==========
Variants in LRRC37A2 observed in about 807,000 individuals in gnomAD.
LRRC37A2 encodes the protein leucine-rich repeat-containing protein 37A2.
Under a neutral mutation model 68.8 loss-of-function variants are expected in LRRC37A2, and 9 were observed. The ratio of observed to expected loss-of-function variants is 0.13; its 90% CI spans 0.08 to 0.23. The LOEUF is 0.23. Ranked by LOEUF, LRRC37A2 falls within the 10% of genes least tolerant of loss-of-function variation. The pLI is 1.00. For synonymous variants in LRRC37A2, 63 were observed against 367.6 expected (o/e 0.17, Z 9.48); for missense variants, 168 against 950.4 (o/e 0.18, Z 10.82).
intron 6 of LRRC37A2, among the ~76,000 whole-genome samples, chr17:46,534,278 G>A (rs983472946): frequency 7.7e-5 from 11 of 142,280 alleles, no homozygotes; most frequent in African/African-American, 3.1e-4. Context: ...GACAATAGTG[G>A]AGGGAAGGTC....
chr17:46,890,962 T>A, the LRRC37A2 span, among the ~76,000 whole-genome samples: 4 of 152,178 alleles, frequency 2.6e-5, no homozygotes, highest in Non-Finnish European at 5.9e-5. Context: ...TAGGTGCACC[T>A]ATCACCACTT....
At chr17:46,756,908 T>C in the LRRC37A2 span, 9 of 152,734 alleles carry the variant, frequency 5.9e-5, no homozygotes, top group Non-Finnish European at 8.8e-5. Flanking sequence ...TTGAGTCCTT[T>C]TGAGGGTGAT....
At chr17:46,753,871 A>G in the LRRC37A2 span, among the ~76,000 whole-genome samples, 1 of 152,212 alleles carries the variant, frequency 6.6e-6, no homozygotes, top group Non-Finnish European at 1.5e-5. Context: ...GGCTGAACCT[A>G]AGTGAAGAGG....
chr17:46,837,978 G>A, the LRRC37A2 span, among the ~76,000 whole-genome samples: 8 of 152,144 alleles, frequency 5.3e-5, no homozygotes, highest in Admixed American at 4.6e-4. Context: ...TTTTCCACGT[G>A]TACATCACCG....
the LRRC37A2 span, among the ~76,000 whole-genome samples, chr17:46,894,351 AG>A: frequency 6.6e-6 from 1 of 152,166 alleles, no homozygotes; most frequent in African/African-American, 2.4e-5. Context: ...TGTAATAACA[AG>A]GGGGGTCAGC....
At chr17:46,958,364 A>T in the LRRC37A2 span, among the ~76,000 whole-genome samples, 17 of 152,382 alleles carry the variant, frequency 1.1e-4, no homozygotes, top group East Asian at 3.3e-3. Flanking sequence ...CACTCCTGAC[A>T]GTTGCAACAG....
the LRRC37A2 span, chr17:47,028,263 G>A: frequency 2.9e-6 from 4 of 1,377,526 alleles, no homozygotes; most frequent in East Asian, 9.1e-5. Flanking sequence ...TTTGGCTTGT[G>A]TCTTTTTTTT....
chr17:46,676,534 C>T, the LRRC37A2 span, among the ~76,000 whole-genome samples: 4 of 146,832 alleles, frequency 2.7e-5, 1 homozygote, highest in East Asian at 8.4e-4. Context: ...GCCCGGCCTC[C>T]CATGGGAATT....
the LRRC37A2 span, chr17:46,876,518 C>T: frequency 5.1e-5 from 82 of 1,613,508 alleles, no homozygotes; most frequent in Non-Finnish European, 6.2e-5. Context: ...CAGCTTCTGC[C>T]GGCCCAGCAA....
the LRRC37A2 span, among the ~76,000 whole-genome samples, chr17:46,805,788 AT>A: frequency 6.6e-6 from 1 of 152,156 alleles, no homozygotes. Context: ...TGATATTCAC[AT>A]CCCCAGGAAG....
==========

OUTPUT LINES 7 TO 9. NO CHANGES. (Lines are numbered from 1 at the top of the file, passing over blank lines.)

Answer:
At chr17:46,753,871 A>G in the LRRC37A2 span, among the ~76,000 whole-genome samples, 1 of 152,212 alleles carries the variant, frequency 6.6e-6, no homozygotes, top group Non-Finnish European at 1.5e-5. Context: ...GGCTGAACCT[A>G]AGTGAAGAGG....
chr17:46,837,978 G>A, the LRRC37A2 span, among the ~76,000 whole-genome samples: 8 of 152,144 alleles, frequency 5.3e-5, no homozygotes, highest in Admixed American at 4.6e-4. Context: ...TTTTCCACGT[G>A]TACATCACCG....
the LRRC37A2 span, among the ~76,000 whole-genome samples, chr17:46,894,351 AG>A: frequency 6.6e-6 from 1 of 152,166 alleles, no homozygotes; most frequent in African/African-American, 2.4e-5. Context: ...TGTAATAACA[AG>A]GGGGGTCAGC....